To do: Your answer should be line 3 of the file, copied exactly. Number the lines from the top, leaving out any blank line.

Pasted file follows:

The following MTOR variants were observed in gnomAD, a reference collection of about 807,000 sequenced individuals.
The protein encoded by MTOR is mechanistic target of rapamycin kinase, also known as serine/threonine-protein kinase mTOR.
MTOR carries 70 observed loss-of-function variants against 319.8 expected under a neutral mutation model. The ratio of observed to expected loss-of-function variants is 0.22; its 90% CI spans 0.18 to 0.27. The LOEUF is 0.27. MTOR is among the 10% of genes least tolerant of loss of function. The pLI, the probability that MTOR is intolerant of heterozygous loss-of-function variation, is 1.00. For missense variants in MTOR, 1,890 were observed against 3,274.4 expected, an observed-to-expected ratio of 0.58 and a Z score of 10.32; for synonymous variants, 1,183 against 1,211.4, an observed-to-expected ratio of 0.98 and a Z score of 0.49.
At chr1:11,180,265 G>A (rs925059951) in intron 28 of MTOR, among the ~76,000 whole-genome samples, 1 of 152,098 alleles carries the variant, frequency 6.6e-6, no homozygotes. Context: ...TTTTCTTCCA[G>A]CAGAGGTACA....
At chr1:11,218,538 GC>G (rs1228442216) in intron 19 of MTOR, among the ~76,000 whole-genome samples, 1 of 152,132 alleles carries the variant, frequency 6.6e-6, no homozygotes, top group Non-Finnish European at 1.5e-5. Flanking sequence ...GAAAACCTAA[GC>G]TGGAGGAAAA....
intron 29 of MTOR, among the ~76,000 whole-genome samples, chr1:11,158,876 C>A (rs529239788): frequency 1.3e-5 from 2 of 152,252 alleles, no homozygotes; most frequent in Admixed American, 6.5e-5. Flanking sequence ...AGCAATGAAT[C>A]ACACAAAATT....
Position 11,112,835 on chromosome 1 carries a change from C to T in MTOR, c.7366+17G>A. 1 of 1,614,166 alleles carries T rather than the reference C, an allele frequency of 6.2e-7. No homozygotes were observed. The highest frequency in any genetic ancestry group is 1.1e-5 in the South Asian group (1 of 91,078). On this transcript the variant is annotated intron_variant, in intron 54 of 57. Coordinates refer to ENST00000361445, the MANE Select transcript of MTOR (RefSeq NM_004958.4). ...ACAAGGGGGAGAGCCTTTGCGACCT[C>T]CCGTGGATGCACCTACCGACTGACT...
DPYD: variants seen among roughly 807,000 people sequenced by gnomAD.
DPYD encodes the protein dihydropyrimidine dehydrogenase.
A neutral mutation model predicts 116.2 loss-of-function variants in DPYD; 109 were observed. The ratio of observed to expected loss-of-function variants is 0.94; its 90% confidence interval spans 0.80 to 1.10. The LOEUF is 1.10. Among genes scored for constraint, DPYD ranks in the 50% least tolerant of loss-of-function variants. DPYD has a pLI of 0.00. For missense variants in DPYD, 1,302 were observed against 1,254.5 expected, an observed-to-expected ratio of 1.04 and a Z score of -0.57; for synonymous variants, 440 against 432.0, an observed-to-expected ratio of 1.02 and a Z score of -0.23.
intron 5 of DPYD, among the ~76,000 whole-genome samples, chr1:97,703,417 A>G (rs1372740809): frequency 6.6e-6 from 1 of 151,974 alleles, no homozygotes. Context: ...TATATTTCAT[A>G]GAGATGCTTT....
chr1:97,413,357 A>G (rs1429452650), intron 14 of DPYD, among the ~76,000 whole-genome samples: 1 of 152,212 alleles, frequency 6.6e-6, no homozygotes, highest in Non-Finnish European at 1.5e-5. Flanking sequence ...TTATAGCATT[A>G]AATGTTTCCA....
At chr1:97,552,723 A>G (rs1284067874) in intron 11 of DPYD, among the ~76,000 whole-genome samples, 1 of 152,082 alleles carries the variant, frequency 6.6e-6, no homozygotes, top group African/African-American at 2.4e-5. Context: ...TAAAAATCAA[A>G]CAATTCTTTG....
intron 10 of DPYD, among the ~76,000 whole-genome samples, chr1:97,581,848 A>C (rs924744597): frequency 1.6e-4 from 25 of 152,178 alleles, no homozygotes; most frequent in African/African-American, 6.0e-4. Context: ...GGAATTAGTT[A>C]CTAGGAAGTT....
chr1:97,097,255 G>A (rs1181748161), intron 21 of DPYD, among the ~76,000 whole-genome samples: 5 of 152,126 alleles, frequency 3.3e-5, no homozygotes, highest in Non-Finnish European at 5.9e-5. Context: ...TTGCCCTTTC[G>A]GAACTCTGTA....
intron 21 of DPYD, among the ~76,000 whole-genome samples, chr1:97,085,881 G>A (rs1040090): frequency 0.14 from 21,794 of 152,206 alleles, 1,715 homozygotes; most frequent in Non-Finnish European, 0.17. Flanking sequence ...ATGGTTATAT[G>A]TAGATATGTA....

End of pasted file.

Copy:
MTOR carries 70 observed loss-of-function variants against 319.8 expected under a neutral mutation model. The ratio of observed to expected loss-of-function variants is 0.22; its 90% CI spans 0.18 to 0.27. The LOEUF is 0.27. MTOR is among the 10% of genes least tolerant of loss of function. The pLI, the probability that MTOR is intolerant of heterozygous loss-of-function variation, is 1.00. For missense variants in MTOR, 1,890 were observed against 3,274.4 expected, an observed-to-expected ratio of 0.58 and a Z score of 10.32; for synonymous variants, 1,183 against 1,211.4, an observed-to-expected ratio of 0.98 and a Z score of 0.49.